10. Great Dane
8. Basset Hound
7. French Bulldog
6. American Pit Bull Terrier
5. American Staffordshire Terrier
2. Bernese Mountain Dog
1. American Bull Dog
|Photo from Dog-Photos.net|
The Akita is a breed that originated in Japan. It is a large breed with a very heavy coat, sometimes referred to as a double coat. They are revered in Japan and are used for multiple purposes: as companions, guard dogs, and also for hunting. The coloring can vary tremendously and so does their temperament. The Akita is slowly gaining popularity in the United States, and was first introduced to the US by Helen Keller [AKC].
Typical health issues for the Akita include:
- Skin: Hot Spots, Allergies
- Hormones: Addison's Disease, Hypothyroidism
- Behavior: Aggression, Panic Disorders, OCD (tail chasing)
- Digestive: Bloat, Malabsorption, Spleenic Torsion
- Eyes: Cataract, Entropion, Glaucoma, Retinal Dysplasia
- Heart/Blood: Hemophilia, Thrombocytopenia, Von Willebrande's Disease
- Musculoskeletal: Hip Dysplasia, Myasthenia Gravis, Osteochondritis, ACL Tears
Being a large breed, like the Great Dane, the Akita has large breed problems including bloat, hip dysplasia, and osteochondritis. Unique to the Akita are problems with the skin and behavior.
The heavy, double coat of the Akita can lead to chronic skin problems such as Hot Spots and allergies. Hot spots are localized allergic reactions with secondary bacterial infections. The heavy hair coat makes it hard to manage the condition by trapping both allergens and bacteria while making it difficult to treat. These conditions require ongoing treatment which does not often yield very good results.
The Akita's temperament can range from docile to aggressive. Considering the variation among temperaments within the breed, it's paramount to get a good family history for the dog in question before bringing it into the home. Although familial history is not a guarantee of behavior, it can be a strong indicator. Unless you are a trained animal behaviorist, it is not easy to modify behavior and there's no need to be macho about this. Akitas are very nice dogs, however, they have their limitations as to how they will behave with different owners. Akitas perfer to be "pack leaders" and without a strong personality in the home, can easily become domineering and aggressive. Known as "silent hunters," many experts caution owners to never leave an Akita alone with small children or animals.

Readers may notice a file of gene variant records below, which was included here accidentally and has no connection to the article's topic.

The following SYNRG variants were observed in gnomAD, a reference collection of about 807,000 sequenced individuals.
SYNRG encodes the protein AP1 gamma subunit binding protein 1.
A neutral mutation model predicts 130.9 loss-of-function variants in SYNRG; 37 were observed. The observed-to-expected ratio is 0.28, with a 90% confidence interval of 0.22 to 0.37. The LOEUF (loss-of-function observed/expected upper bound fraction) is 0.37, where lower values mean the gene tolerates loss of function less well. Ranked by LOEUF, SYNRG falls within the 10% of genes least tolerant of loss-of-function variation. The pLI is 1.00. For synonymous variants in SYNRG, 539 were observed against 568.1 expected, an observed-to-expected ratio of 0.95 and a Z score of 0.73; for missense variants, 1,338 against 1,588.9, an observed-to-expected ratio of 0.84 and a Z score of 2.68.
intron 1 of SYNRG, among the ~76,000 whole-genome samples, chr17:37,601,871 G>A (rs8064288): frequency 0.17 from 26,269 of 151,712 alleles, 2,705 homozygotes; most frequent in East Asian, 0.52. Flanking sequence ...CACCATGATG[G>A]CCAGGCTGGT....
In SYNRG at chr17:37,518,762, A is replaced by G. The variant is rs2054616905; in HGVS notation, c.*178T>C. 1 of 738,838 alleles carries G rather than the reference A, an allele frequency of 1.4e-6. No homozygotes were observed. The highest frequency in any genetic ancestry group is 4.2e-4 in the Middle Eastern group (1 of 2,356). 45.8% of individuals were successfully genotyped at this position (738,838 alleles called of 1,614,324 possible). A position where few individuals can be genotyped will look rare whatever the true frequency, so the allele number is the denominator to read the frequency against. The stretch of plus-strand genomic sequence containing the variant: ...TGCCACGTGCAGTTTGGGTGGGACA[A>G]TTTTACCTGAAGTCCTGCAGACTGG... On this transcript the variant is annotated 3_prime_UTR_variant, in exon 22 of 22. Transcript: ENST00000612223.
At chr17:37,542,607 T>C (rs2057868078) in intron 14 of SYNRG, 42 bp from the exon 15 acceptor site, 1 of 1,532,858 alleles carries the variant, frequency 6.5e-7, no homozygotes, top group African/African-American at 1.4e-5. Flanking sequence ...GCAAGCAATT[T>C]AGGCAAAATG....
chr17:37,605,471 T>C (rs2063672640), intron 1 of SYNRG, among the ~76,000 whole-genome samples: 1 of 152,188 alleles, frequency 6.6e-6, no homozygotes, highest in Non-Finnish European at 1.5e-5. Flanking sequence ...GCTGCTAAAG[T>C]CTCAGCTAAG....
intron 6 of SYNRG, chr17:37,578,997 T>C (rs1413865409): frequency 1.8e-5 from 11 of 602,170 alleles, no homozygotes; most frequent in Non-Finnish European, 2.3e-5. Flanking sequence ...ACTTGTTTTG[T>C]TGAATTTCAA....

Things to Consider
- Akitas are a large breed that need plenty of space and exercise. Because of their temperament, daily exercise is a requirement. A bored and restless Akita is more likely to act aggressively.
- The heavy coat of the Akita requires daily grooming, even though Akitas will often "groom" themselves like a cat.
- The Akita requires an "Alpha Male" personality within the household to maintain household tranquility and keep behavioral problems at bay.
- Akitas require a good and balanced diet, keeping in mind musculoskeletal and skin issues.
- Bred to be working dogs, Akitas need to be kept mentally active! An Akita would be a good choice for special training and sometimes work as therapy dogs.
- Insurance at an early age is highly recommended because of high medical costs for this breed's peculiar health issues.
Join in on the discussion and help create awareness! Leave a comment and tell us about your experiences with Akitas both good and bad.
Check back next Sunday for #8 The Basset Hound.